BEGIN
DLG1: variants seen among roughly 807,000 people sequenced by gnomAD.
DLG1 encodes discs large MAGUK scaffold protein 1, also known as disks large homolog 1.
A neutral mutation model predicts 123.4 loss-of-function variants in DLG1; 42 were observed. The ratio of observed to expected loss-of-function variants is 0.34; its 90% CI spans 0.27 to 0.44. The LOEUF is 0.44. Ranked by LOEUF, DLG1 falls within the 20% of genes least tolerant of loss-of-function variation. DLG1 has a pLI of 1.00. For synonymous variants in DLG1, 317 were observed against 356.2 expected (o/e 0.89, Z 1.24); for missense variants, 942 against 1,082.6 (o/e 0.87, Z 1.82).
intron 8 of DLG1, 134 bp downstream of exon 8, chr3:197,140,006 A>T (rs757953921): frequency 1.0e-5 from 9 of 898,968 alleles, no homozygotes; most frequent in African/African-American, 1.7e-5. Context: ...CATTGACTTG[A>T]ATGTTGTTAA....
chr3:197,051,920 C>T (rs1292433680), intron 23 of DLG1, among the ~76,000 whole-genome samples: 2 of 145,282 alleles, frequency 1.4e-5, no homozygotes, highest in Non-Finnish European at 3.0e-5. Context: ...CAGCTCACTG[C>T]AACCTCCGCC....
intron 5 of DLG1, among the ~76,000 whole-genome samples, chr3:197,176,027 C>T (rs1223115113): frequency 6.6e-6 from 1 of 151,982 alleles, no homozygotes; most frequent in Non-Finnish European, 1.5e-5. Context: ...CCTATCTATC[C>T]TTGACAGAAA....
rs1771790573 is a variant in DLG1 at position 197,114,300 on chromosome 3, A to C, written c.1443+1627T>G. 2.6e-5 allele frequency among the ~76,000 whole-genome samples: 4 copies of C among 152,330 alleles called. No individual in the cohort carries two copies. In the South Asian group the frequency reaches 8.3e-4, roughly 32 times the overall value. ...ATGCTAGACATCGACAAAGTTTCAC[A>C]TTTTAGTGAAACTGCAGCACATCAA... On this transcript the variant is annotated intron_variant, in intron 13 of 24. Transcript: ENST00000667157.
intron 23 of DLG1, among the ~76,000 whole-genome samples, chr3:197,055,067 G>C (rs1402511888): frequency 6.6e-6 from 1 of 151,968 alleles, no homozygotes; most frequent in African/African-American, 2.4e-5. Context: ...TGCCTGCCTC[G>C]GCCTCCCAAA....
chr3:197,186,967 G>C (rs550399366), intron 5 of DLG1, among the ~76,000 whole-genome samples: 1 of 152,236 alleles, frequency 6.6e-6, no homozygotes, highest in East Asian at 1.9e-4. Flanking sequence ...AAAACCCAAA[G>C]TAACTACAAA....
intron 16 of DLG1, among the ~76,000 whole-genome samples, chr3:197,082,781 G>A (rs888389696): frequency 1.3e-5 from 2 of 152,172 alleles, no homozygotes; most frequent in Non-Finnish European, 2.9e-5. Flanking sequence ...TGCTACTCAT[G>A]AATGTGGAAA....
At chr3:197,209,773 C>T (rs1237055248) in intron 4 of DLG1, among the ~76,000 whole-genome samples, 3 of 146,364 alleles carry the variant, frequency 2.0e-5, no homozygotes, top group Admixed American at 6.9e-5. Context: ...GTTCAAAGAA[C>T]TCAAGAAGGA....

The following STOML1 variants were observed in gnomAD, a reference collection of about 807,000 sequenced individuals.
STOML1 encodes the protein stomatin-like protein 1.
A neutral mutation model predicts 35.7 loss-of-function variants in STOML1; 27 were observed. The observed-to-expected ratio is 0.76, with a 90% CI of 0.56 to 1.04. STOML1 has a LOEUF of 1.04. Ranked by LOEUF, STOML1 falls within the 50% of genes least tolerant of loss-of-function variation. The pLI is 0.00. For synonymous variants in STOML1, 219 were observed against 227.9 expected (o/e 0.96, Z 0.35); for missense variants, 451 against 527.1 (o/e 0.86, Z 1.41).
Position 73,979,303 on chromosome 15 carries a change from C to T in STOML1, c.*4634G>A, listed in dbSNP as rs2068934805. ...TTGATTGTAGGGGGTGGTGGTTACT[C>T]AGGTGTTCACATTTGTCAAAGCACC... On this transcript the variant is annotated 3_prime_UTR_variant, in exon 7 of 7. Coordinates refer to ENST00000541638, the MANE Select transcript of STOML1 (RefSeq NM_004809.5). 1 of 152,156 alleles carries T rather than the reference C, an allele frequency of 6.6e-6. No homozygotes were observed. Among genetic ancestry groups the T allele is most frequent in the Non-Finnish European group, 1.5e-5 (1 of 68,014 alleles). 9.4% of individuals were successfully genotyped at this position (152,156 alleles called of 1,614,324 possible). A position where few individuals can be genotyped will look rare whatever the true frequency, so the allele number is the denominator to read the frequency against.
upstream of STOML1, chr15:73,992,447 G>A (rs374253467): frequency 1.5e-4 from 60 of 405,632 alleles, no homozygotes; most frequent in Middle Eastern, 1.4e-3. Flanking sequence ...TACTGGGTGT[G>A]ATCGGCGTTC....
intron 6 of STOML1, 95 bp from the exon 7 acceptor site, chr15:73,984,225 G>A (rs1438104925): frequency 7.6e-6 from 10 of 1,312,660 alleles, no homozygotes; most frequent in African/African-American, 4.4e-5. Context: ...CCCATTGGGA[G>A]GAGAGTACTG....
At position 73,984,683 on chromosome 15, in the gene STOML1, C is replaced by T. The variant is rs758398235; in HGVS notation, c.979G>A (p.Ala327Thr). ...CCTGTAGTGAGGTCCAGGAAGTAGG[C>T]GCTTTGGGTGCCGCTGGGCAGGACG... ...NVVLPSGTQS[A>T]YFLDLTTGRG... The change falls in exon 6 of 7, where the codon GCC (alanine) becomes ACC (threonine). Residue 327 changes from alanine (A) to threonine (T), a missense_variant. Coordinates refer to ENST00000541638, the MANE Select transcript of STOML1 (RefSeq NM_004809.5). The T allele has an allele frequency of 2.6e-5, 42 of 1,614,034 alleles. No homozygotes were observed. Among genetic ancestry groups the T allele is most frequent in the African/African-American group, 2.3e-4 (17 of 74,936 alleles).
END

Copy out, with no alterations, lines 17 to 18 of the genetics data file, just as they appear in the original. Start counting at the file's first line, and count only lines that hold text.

intron 6 of STOML1, 95 bp from the exon 7 acceptor site, chr15:73,984,225 G>A (rs1438104925): frequency 7.6e-6 from 10 of 1,312,660 alleles, no homozygotes; most frequent in African/African-American, 4.4e-5. Context: ...CCCATTGGGA[G>A]GAGAGTACTG....
At position 73,984,683 on chromosome 15, in the gene STOML1, C is replaced by T. The variant is rs758398235; in HGVS notation, c.979G>A (p.Ala327Thr). ...CCTGTAGTGAGGTCCAGGAAGTAGG[C>T]GCTTTGGGTGCCGCTGGGCAGGACG... ...NVVLPSGTQS[A>T]YFLDLTTGRG... The change falls in exon 6 of 7, where the codon GCC (alanine) becomes ACC (threonine). Residue 327 changes from alanine (A) to threonine (T), a missense_variant. Coordinates refer to ENST00000541638, the MANE Select transcript of STOML1 (RefSeq NM_004809.5). The T allele has an allele frequency of 2.6e-5, 42 of 1,614,034 alleles. No homozygotes were observed. Among genetic ancestry groups the T allele is most frequent in the African/African-American group, 2.3e-4 (17 of 74,936 alleles).